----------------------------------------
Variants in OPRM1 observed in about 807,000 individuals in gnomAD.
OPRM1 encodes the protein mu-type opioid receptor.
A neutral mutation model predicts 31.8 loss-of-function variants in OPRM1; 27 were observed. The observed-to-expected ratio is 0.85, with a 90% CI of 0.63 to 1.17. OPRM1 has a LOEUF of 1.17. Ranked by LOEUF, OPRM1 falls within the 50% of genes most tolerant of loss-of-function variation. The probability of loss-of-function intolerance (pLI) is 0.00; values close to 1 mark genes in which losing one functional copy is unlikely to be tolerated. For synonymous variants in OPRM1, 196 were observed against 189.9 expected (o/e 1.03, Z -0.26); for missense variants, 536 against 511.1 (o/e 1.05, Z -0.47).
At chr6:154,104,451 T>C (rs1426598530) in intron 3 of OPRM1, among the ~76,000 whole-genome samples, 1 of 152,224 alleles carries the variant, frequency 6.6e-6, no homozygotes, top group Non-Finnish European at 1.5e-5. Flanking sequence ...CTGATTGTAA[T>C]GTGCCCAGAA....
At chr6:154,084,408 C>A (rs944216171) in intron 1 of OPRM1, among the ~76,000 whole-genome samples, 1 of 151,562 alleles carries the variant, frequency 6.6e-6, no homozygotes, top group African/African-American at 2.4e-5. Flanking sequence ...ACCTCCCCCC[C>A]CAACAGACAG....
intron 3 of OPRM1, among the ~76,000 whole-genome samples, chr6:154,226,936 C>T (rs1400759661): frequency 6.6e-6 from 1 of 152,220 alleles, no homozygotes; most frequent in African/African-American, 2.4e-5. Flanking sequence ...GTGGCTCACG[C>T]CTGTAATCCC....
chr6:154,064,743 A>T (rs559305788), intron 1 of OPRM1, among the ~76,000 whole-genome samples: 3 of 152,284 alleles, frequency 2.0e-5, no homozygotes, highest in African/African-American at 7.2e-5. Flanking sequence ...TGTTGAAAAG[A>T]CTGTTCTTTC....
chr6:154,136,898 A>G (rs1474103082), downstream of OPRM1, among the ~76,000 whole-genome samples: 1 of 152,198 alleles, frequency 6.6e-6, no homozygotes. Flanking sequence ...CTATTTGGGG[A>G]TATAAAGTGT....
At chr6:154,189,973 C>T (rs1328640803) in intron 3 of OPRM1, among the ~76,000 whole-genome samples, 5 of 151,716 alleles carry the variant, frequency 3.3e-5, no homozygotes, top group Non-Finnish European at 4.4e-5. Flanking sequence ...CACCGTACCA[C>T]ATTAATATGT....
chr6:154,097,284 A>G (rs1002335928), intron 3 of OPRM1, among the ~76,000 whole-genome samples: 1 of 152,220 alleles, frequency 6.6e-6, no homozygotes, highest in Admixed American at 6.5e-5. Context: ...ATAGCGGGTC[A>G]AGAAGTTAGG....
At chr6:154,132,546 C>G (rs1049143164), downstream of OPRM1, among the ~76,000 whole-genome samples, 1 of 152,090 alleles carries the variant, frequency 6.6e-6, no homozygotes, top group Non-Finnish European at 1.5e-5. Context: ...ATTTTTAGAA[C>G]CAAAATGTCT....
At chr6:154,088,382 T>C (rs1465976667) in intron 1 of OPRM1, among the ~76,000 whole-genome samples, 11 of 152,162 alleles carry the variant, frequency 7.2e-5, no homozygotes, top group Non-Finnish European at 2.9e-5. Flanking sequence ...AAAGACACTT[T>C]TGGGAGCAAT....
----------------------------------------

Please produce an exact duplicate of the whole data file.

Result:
Variants in OPRM1 observed in about 807,000 individuals in gnomAD.
OPRM1 encodes the protein mu-type opioid receptor.
A neutral mutation model predicts 31.8 loss-of-function variants in OPRM1; 27 were observed. The observed-to-expected ratio is 0.85, with a 90% CI of 0.63 to 1.17. OPRM1 has a LOEUF of 1.17. Ranked by LOEUF, OPRM1 falls within the 50% of genes most tolerant of loss-of-function variation. The probability of loss-of-function intolerance (pLI) is 0.00; values close to 1 mark genes in which losing one functional copy is unlikely to be tolerated. For synonymous variants in OPRM1, 196 were observed against 189.9 expected (o/e 1.03, Z -0.26); for missense variants, 536 against 511.1 (o/e 1.05, Z -0.47).
At chr6:154,104,451 T>C (rs1426598530) in intron 3 of OPRM1, among the ~76,000 whole-genome samples, 1 of 152,224 alleles carries the variant, frequency 6.6e-6, no homozygotes, top group Non-Finnish European at 1.5e-5. Flanking sequence ...CTGATTGTAA[T>C]GTGCCCAGAA....
At chr6:154,084,408 C>A (rs944216171) in intron 1 of OPRM1, among the ~76,000 whole-genome samples, 1 of 151,562 alleles carries the variant, frequency 6.6e-6, no homozygotes, top group African/African-American at 2.4e-5. Flanking sequence ...ACCTCCCCCC[C>A]CAACAGACAG....
intron 3 of OPRM1, among the ~76,000 whole-genome samples, chr6:154,226,936 C>T (rs1400759661): frequency 6.6e-6 from 1 of 152,220 alleles, no homozygotes; most frequent in African/African-American, 2.4e-5. Flanking sequence ...GTGGCTCACG[C>T]CTGTAATCCC....
chr6:154,064,743 A>T (rs559305788), intron 1 of OPRM1, among the ~76,000 whole-genome samples: 3 of 152,284 alleles, frequency 2.0e-5, no homozygotes, highest in African/African-American at 7.2e-5. Flanking sequence ...TGTTGAAAAG[A>T]CTGTTCTTTC....
chr6:154,136,898 A>G (rs1474103082), downstream of OPRM1, among the ~76,000 whole-genome samples: 1 of 152,198 alleles, frequency 6.6e-6, no homozygotes. Flanking sequence ...CTATTTGGGG[A>G]TATAAAGTGT....
At chr6:154,189,973 C>T (rs1328640803) in intron 3 of OPRM1, among the ~76,000 whole-genome samples, 5 of 151,716 alleles carry the variant, frequency 3.3e-5, no homozygotes, top group Non-Finnish European at 4.4e-5. Flanking sequence ...CACCGTACCA[C>T]ATTAATATGT....
chr6:154,097,284 A>G (rs1002335928), intron 3 of OPRM1, among the ~76,000 whole-genome samples: 1 of 152,220 alleles, frequency 6.6e-6, no homozygotes, highest in Admixed American at 6.5e-5. Context: ...ATAGCGGGTC[A>G]AGAAGTTAGG....
At chr6:154,132,546 C>G (rs1049143164), downstream of OPRM1, among the ~76,000 whole-genome samples, 1 of 152,090 alleles carries the variant, frequency 6.6e-6, no homozygotes, top group Non-Finnish European at 1.5e-5. Context: ...ATTTTTAGAA[C>G]CAAAATGTCT....
At chr6:154,088,382 T>C (rs1465976667) in intron 1 of OPRM1, among the ~76,000 whole-genome samples, 11 of 152,162 alleles carry the variant, frequency 7.2e-5, no homozygotes, top group Non-Finnish European at 2.9e-5. Flanking sequence ...AAAGACACTT[T>C]TGGGAGCAAT....